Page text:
I've taken matters into my own hands. Yes, I will be converting the Suzuki logo covered grille over to the factory Chevrolet badged grille, and yes, the rear logos will be coming off of the car and will be replaced with the factory Chevrolet parts. This is my own little protest against the stupidity of badge engineering. If Daewoo still existed as a sovereign corporate entity, they would be badged as such, but as it stands, they are Chevrolets, powered by GM Opel designed, GM Holden built Family II, 16v DOHC 2.0l motors (in North America as a whole (The rest of the world gets 1.4, 1.6, 1.8, Supercharged 1.8, and as of 2006 Diesel options)).

Aside from that, the chevy grille is nicer than the Suzuki grille. I also like how the badge placement is different for every other version of this car than the Suzuki. The Suzuki places the "Suzuki" nameplate on the lower left of the rear (under the tail light just above the bumper) and the "Reno" (stupid name) badge right above the bumper on the far right side of the rear). Everywhere else, the car name (Optra 5) is located on the thin strip above the hatch release handle right below the rear window and just to the left of the center of the car, with the Chevrolet plate being symmetrically placed on the right side. It looks nicer over all.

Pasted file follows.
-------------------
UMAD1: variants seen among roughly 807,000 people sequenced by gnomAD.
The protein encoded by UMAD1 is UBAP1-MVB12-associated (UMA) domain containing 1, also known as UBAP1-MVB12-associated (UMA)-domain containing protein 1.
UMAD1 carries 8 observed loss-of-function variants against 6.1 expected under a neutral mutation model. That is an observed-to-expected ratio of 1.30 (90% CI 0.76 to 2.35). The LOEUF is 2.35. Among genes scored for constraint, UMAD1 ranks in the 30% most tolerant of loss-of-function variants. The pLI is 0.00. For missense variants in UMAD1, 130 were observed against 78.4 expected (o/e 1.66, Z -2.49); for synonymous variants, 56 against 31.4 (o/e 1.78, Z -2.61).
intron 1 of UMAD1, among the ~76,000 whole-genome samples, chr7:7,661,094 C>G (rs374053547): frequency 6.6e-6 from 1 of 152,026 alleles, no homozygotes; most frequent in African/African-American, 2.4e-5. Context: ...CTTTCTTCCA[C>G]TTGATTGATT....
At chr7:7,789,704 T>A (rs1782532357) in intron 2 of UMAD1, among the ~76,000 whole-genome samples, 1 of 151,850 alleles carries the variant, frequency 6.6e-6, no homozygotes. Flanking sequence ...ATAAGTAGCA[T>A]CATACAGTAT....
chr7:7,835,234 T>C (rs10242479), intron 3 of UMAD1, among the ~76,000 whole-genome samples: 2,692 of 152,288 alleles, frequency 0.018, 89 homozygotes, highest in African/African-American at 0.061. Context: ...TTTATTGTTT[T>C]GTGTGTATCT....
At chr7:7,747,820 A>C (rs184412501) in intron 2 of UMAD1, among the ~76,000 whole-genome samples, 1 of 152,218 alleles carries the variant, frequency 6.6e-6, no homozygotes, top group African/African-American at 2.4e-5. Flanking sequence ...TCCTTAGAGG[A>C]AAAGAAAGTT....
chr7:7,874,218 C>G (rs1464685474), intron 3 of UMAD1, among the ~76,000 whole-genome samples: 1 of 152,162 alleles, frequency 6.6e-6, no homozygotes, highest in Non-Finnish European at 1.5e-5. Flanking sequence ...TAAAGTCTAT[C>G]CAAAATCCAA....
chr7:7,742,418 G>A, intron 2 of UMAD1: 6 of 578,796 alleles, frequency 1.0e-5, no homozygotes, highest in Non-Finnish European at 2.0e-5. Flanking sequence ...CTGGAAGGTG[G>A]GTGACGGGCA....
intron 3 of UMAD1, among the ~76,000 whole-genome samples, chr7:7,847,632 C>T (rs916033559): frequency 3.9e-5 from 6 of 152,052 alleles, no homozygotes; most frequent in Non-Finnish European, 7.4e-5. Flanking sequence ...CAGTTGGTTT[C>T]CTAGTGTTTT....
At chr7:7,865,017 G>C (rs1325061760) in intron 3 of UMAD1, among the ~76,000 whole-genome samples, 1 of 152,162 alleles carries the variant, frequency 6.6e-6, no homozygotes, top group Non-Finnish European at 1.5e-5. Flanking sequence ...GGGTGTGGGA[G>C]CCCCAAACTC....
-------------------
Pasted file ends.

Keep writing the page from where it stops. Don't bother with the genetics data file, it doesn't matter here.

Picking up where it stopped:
People may wonder, and I gather some Chevy V8 heads are going to feel annoyed that a Chevrolet name is on yet another small hatchbatck (a beautifully designed one I might add) as opposed to an obnoxiously oversized car and/or SUV (Stupid Unnecessary Vomitmobile). This is where we should be heading. A family hatchback with good looks, reasonable 4 cylinder motors and nice interior space. We need more of these than SUV's. Yes, yes, you can have your new Camaro and the venerable Corvette as well, but they are specialty cars, and quite impractical, but that's the buyers choice, but at least they are purpose built and used. Too many SUV's are still driven by one person, with no real need for the "utility" part of its 'function'. Back to topic.